Record-setting cargo volumes posted for May
Record cargo volumes are moving across the Port of Virginia as a result of expanded container handling capacity at its two primary terminals, the port announced on Friday.
According to the press release, the port processed nearly 261,000 twenty-foot equivalent units — or TEUs — of cargo in May, making it the busiest May in the port’s history. Last month’s strong cargo volumes were also a follow-up to the port’s best April in history, when nearly 246,000 TEUs were processed.
“We have moved more than a half-million TEUs in two months and are providing a very high level of service and efficiency to the ocean carriers and cargo owners,” John Reinhart, the chief executive officer and executive director of the Virginia Port Authority, stated in the press release.
“Virginia International Gateway is fully-functional,” he continued. “The additional gates, expanded stack-yard, new berth and ship-to-shore cranes and technology overlay are all working in concert to provide increased productivity. We are working through punch-list items toward final acceptance and looking forward to a July ribbon-cutting ceremony.
“We’ve built a world-class facility and the team behind it continues to fine-tune the operation to drive optimal performance. As (we) move into the thick of peak season, we are ready to meet the needs of our customers.”
Nearly all phases of the operation saw increases in May. According to the press release, container tonnage increased by more than 5 percent, total rail volume by more than 4 percent, total barge volume by more than 5 percent, volume at Richmond Marine Terminal by nearly 12 percent and truck volume by almost 11 percent.
The port debuted the finished on-dock rail yard at VIG to a select audience of customers, partners, cargo owners and stakeholders on May 31. The rail yard now has nearly 20,000 feet of new track and is supported by four cantilever rail-mounted gantry cranes, according to the press release.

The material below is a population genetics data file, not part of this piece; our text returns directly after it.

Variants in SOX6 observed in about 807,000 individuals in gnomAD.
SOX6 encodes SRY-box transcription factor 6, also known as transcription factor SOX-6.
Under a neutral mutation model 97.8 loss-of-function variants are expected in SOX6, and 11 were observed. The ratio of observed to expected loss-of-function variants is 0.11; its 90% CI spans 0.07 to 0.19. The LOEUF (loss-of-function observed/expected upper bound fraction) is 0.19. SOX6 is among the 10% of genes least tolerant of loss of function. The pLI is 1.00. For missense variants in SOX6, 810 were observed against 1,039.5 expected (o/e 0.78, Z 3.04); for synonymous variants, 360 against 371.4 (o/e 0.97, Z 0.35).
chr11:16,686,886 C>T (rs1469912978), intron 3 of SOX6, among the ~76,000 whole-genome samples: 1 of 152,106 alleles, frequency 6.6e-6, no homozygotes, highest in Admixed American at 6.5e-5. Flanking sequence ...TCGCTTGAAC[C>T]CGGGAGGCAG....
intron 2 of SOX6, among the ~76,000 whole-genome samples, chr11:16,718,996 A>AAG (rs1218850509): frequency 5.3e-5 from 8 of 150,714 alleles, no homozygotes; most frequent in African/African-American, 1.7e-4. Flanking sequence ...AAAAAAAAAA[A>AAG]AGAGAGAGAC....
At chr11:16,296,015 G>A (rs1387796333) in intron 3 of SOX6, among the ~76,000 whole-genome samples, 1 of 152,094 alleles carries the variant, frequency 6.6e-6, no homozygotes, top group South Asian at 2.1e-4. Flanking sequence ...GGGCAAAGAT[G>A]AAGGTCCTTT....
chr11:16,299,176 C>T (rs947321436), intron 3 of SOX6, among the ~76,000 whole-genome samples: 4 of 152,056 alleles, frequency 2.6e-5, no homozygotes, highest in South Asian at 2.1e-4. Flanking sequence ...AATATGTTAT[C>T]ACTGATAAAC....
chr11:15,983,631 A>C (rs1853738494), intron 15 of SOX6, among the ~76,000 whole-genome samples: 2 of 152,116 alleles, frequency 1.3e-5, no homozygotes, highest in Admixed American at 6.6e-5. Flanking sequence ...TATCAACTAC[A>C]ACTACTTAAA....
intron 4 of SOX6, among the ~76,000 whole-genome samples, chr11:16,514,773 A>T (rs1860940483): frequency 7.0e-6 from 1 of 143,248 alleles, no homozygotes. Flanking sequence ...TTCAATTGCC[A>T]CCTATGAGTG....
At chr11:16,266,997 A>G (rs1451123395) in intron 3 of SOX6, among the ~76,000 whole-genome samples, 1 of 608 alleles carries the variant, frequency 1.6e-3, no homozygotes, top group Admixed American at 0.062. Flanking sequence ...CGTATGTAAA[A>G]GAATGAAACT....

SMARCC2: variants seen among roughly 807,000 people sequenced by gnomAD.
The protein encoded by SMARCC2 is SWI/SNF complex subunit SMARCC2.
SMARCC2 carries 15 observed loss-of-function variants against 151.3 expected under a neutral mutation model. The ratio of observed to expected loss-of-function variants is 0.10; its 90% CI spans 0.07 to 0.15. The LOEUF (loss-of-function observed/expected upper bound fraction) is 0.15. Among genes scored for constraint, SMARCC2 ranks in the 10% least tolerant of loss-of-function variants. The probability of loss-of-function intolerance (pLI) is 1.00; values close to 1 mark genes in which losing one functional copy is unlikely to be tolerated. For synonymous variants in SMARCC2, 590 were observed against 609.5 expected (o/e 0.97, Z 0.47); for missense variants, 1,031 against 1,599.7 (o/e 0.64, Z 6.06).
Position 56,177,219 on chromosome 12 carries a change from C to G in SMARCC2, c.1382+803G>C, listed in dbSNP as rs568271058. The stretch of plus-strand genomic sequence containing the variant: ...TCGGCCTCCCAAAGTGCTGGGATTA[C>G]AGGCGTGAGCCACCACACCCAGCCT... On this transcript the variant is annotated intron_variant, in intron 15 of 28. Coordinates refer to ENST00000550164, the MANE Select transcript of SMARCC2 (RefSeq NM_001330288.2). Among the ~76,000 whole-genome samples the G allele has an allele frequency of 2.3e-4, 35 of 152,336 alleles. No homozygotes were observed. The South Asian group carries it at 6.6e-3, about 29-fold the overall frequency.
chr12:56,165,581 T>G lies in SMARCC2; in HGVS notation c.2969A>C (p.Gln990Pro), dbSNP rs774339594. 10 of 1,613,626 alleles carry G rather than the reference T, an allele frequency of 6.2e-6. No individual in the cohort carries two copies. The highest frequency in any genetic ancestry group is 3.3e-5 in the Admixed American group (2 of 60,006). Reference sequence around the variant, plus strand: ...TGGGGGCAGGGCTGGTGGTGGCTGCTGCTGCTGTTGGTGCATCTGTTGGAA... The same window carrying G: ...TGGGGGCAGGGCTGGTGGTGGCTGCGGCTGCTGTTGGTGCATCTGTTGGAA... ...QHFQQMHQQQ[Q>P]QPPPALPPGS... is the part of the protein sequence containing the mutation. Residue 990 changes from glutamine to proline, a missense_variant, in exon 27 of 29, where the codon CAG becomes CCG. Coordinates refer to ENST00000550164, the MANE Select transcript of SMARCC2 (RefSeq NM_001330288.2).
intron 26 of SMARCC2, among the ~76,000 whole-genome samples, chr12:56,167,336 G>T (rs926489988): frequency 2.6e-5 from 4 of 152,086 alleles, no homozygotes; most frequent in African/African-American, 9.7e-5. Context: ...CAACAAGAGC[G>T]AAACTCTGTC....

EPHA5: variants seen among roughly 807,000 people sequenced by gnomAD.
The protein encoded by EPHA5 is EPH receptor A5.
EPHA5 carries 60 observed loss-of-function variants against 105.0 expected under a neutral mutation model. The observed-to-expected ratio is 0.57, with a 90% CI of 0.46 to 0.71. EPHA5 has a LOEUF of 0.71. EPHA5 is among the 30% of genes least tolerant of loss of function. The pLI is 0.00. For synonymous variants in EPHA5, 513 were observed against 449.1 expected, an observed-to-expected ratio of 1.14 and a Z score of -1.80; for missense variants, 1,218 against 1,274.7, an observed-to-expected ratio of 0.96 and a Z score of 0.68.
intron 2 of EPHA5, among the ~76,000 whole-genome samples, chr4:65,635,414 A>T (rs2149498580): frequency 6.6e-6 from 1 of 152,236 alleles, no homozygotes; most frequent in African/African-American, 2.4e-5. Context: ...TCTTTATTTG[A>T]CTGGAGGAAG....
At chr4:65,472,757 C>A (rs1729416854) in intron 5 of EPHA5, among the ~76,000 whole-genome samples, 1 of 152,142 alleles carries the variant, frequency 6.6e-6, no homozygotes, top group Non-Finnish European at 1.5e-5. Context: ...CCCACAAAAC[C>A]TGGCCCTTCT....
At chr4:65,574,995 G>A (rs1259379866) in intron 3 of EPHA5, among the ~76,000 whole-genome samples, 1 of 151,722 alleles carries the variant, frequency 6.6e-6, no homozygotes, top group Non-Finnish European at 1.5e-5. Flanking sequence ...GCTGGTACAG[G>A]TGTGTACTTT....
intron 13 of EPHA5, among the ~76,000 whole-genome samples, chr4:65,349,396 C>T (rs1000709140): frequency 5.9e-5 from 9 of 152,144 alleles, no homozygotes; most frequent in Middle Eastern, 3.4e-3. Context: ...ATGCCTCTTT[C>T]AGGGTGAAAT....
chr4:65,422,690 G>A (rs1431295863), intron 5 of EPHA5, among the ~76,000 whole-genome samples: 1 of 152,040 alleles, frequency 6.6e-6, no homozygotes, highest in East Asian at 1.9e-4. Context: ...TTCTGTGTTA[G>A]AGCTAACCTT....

“Both of the East’s Class I railroads (CSX and Norfolk Southern) provide double stack service to and from VIG,” Reinhart stated. “Combine that service with the investment we’ve made in our rail operation, and we are well-positioned to capture more rail cargo.
“Our rail reach into the Midwest is expanding and we are aggressively marketing our capabilities. It is realistic to expect that we will be moving 40 percent of our overall cargo volume by rail by 2022.”
The expansion at Norfolk International Terminals is on schedule, with 12 new stacks served by 24 new RMGs already in service.
Work on the second phase of the stack yard expansion began in December and is nearing completion. The third phase began this June, and the fourth phase is set to begin in September.
“We are on our way to another volume record for fiscal year 2019 and closely monitoring the trade environment for any effects that additional tariffs may have on our business as we go forward,” Reinhart stated. “These unforeseen changes are always of concern, but we are very optimistic about the long-term success of the Port of Virginia. To help ensure sustainability in the near- and long-term, we are working to diversify our cargo mix, and this strategy will serve as a hedge during challenging trade environments.”